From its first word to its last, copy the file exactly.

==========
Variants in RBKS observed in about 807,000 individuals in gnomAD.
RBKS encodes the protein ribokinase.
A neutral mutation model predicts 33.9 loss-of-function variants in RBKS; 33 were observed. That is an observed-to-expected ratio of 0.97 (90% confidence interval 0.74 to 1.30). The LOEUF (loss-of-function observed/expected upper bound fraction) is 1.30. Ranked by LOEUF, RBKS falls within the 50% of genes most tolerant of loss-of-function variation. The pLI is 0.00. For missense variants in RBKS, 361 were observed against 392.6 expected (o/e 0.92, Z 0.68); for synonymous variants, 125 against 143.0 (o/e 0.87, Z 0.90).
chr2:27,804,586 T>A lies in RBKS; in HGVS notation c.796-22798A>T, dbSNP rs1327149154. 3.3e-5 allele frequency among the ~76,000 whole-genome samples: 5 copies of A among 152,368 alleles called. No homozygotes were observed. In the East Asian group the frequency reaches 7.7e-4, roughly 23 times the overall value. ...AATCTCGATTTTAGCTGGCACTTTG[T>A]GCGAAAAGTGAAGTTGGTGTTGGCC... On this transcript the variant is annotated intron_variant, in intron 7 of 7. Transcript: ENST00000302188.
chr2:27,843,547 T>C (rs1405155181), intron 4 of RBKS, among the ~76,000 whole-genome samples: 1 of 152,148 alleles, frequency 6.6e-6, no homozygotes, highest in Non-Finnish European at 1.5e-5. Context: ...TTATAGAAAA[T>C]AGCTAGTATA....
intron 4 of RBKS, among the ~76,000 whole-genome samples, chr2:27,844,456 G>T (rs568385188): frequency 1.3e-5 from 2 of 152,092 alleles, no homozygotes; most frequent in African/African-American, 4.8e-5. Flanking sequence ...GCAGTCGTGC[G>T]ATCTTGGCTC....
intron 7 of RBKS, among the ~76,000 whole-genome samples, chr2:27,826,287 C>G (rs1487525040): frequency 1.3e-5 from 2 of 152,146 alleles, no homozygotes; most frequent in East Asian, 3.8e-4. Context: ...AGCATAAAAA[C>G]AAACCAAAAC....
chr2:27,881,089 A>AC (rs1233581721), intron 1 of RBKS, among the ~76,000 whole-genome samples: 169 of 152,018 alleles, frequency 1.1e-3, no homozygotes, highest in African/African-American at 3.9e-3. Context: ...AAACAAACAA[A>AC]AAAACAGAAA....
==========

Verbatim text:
Variants in RBKS observed in about 807,000 individuals in gnomAD.
RBKS encodes the protein ribokinase.
A neutral mutation model predicts 33.9 loss-of-function variants in RBKS; 33 were observed. That is an observed-to-expected ratio of 0.97 (90% confidence interval 0.74 to 1.30). The LOEUF (loss-of-function observed/expected upper bound fraction) is 1.30. Ranked by LOEUF, RBKS falls within the 50% of genes most tolerant of loss-of-function variation. The pLI is 0.00. For missense variants in RBKS, 361 were observed against 392.6 expected (o/e 0.92, Z 0.68); for synonymous variants, 125 against 143.0 (o/e 0.87, Z 0.90).
chr2:27,804,586 T>A lies in RBKS; in HGVS notation c.796-22798A>T, dbSNP rs1327149154. 3.3e-5 allele frequency among the ~76,000 whole-genome samples: 5 copies of A among 152,368 alleles called. No homozygotes were observed. In the East Asian group the frequency reaches 7.7e-4, roughly 23 times the overall value. ...AATCTCGATTTTAGCTGGCACTTTG[T>A]GCGAAAAGTGAAGTTGGTGTTGGCC... On this transcript the variant is annotated intron_variant, in intron 7 of 7. Transcript: ENST00000302188.
chr2:27,843,547 T>C (rs1405155181), intron 4 of RBKS, among the ~76,000 whole-genome samples: 1 of 152,148 alleles, frequency 6.6e-6, no homozygotes, highest in Non-Finnish European at 1.5e-5. Context: ...TTATAGAAAA[T>C]AGCTAGTATA....
intron 4 of RBKS, among the ~76,000 whole-genome samples, chr2:27,844,456 G>T (rs568385188): frequency 1.3e-5 from 2 of 152,092 alleles, no homozygotes; most frequent in African/African-American, 4.8e-5. Flanking sequence ...GCAGTCGTGC[G>T]ATCTTGGCTC....
intron 7 of RBKS, among the ~76,000 whole-genome samples, chr2:27,826,287 C>G (rs1487525040): frequency 1.3e-5 from 2 of 152,146 alleles, no homozygotes; most frequent in East Asian, 3.8e-4. Context: ...AGCATAAAAA[C>G]AAACCAAAAC....
chr2:27,881,089 A>AC (rs1233581721), intron 1 of RBKS, among the ~76,000 whole-genome samples: 169 of 152,018 alleles, frequency 1.1e-3, no homozygotes, highest in African/African-American at 3.9e-3. Context: ...AAACAAACAA[A>AC]AAAACAGAAA....